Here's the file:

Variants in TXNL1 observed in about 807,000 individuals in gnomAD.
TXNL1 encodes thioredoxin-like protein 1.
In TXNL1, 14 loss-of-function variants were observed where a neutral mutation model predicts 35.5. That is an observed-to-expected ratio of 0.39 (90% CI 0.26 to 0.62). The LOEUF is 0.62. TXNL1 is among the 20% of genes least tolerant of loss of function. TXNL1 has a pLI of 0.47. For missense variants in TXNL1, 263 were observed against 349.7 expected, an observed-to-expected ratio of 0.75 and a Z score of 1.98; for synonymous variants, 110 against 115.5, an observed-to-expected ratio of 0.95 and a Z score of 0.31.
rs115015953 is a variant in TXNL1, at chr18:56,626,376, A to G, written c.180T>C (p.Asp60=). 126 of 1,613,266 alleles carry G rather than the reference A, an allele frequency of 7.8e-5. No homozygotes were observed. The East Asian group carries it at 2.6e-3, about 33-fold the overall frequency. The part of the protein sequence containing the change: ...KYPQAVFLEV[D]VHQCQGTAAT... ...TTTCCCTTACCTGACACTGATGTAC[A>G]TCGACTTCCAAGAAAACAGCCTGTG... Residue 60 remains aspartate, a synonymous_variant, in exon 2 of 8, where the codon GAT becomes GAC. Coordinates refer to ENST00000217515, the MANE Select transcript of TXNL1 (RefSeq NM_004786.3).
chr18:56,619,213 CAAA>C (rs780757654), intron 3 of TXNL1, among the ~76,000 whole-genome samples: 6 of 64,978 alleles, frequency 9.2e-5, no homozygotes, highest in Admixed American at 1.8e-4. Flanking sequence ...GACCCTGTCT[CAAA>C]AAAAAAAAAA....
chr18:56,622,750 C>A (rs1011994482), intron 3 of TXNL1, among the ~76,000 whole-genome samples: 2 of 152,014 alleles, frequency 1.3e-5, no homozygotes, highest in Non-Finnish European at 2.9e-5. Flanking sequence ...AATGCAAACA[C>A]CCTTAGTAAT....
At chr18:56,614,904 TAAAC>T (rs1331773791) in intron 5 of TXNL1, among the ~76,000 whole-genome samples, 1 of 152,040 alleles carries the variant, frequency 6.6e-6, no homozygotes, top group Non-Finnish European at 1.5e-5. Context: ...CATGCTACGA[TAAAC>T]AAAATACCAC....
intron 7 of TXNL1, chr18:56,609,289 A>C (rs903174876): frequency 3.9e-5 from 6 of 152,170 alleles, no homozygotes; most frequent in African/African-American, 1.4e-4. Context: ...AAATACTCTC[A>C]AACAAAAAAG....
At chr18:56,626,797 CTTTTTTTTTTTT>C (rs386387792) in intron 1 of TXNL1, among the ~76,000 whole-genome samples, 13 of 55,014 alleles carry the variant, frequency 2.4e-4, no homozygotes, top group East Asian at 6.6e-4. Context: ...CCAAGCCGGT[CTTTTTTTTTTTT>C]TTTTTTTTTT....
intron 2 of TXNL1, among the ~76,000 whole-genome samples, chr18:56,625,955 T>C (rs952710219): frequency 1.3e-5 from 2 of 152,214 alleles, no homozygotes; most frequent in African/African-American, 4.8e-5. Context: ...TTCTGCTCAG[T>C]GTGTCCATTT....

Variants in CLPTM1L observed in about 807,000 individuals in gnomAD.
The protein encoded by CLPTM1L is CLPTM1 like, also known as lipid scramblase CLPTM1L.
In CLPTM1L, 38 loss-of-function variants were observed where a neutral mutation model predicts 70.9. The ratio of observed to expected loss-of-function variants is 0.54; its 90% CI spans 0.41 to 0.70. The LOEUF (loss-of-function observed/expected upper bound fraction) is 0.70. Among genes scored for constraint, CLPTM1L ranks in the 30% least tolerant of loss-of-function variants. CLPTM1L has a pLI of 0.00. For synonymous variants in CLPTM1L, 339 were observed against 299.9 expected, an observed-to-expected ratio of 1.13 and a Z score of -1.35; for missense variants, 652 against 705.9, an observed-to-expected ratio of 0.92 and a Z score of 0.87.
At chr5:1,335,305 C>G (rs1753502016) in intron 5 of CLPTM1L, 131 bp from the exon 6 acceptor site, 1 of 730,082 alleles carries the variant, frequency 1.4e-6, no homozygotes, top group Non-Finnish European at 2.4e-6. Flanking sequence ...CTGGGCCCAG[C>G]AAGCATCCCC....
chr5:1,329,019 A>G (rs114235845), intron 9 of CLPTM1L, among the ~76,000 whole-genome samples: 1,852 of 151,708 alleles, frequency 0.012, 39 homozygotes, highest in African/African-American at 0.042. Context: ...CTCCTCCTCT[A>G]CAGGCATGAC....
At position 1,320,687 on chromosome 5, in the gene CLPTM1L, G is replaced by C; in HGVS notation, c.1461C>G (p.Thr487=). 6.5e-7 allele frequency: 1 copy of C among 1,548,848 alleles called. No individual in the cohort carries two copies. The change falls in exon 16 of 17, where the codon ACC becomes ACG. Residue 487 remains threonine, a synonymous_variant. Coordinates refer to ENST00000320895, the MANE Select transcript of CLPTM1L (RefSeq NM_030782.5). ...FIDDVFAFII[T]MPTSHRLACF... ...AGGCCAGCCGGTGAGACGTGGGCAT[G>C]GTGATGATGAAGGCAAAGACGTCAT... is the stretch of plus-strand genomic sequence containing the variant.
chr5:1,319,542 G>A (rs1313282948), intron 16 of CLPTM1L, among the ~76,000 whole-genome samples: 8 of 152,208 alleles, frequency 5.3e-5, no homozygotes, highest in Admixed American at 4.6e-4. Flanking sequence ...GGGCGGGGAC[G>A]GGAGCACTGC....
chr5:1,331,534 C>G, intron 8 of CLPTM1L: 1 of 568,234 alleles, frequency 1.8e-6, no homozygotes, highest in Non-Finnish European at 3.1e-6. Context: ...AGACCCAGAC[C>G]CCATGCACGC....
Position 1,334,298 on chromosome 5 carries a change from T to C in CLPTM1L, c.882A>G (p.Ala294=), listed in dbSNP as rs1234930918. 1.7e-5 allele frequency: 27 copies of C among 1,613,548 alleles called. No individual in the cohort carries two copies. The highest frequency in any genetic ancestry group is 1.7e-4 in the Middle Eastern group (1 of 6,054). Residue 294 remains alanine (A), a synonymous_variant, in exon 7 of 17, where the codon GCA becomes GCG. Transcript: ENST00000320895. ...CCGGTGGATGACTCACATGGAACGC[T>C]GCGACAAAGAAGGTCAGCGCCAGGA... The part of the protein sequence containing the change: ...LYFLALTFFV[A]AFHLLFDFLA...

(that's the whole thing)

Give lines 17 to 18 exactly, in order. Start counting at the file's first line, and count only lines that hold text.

chr5:1,319,542 G>A (rs1313282948), intron 16 of CLPTM1L, among the ~76,000 whole-genome samples: 8 of 152,208 alleles, frequency 5.3e-5, no homozygotes, highest in Admixed American at 4.6e-4. Flanking sequence ...GGGCGGGGAC[G>A]GGAGCACTGC....
chr5:1,331,534 C>G, intron 8 of CLPTM1L: 1 of 568,234 alleles, frequency 1.8e-6, no homozygotes, highest in Non-Finnish European at 3.1e-6. Context: ...AGACCCAGAC[C>G]CCATGCACGC....